Explanatory Supplement to the Astronomical Almanac.
BEGINNING WITH the editions for 1960, the American Ephemeris and Nautical Almanac issued by the U.S. Naval Observatory and the Astronomical Ephemeris from the Royal Greenwich Observatory were identical, except for the introductory pages. With the edition for 1981, the two almanacs became completely unified, under the new title The Astronomical Almanac.
A separate volume, the Explanatory Supplement to the Astronomical Ephemeris and the American Ephemeris and Nautical Almanac, published in 1961, contained the complete explanations of the ephemerides and their computation. It was reprinted several times, with amendments, the last being in 1977. Fifteen years later, the long-awaited, entirely revised and rewritten edition finally appeared.
This authoritative source contains a wealth of information on spherical astronomy, time and calendars, celestial reference systems, eclipses, orbital and physical ephemerides of the Sun, Moon, planets and satellites, and much more. The updated volume incorporates the new astronomical constants adopted by the International Astronomical Union, the new standard epoch and equinox J2000.0, and the new standard ephemerides.
The Supplement's preface succinctly defines the work's purpose: "to provide users of The Astronomical Almanac with more complete explanations of the significance, sources, methods of computation, and use of the data given in the almanac than can be included annually in the almanac itself."
The volume is not intended as a basic textbook on spherical or dynamical astronomy. Nor is it for beginners. The reader is supposed to be familiar with the principal concepts of spherical astronomy and to understand the significance of the quantities discussed in the book.
Vector and matrix notations, absent from the earlier Supplement but now used in many places, might bewilder some readers. For example, the classical formula giving an object's altitude as a function of latitude, declination, and hour angle must now be deduced from a matrix expression. Chapter 11, however, provides some explanation on this computational technique, together with other formulas and hints that should prove to be a great help in astronomical calculations.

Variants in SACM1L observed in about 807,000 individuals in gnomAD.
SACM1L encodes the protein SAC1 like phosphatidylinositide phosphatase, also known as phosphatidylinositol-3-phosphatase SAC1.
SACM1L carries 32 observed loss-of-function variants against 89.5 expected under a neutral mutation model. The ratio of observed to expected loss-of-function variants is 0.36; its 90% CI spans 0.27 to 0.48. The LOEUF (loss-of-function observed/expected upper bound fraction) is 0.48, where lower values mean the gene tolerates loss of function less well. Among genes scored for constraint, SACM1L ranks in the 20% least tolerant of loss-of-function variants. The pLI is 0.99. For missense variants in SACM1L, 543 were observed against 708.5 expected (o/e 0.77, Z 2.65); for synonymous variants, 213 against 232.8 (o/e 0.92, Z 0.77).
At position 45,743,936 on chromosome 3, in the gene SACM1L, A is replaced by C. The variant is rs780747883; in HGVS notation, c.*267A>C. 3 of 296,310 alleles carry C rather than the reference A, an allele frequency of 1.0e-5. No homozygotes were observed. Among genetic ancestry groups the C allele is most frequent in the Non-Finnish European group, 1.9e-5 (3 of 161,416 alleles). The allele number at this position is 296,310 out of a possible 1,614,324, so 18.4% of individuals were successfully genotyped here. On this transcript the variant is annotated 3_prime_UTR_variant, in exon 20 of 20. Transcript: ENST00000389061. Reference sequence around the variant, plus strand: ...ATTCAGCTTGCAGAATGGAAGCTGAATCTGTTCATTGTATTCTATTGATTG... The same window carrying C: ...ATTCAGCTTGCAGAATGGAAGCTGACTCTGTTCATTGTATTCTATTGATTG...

A comparison with the former Supplement shows the progress of concepts and techniques made during the last two or three decades. To mention only a few: relativistic effects, Barycentric Dynamical Time, measurement of Atomic Time, clock synchronization by very-long-baseline interferometry, planetary terms in nutation (used only for arc-millisecond accuracy!), the FK5 system, laser ranging, and rotation parameters for satellites of the planets.
Some classical subjects, such as the sections on the Hebrew, Islamic, and Indian calendars, have been expanded. On the other hand, while the former Supplement had 15 pages about transits of Mercury and Venus, the new work contains only 26 lines on this subject.
Missing from the new version are detailed, step-by-step numerical examples. Merely 10 are given, and they generally contain only a few lines and concern "easy" subjects (calculating the day of the week and determining the date of Easter in the year 2010). Examples about more complicated subjects, such as solar eclipses or the position of Titan, are sorely lacking. The previous Supplement had 20 detailed numerical examples for solar eclipses alone!
The chapters were written by a variety of authors. This may explain the inconsistency of the symbols used for some quantities throughout the book. For example: the altitude of a celestial body is identified as a on page 209 but h on page 489, while the Sun's mean anomaly is alternately g (page 42), M (page 44), and G (page 484).
All in all, this Supplement is highly recommended to all persons seriously involved in astronomical calculation. They surely will use it intensively.
By profession, Meeus is a meteorologist at Brussels Airport, though he has an international reputation for his computational wizardry.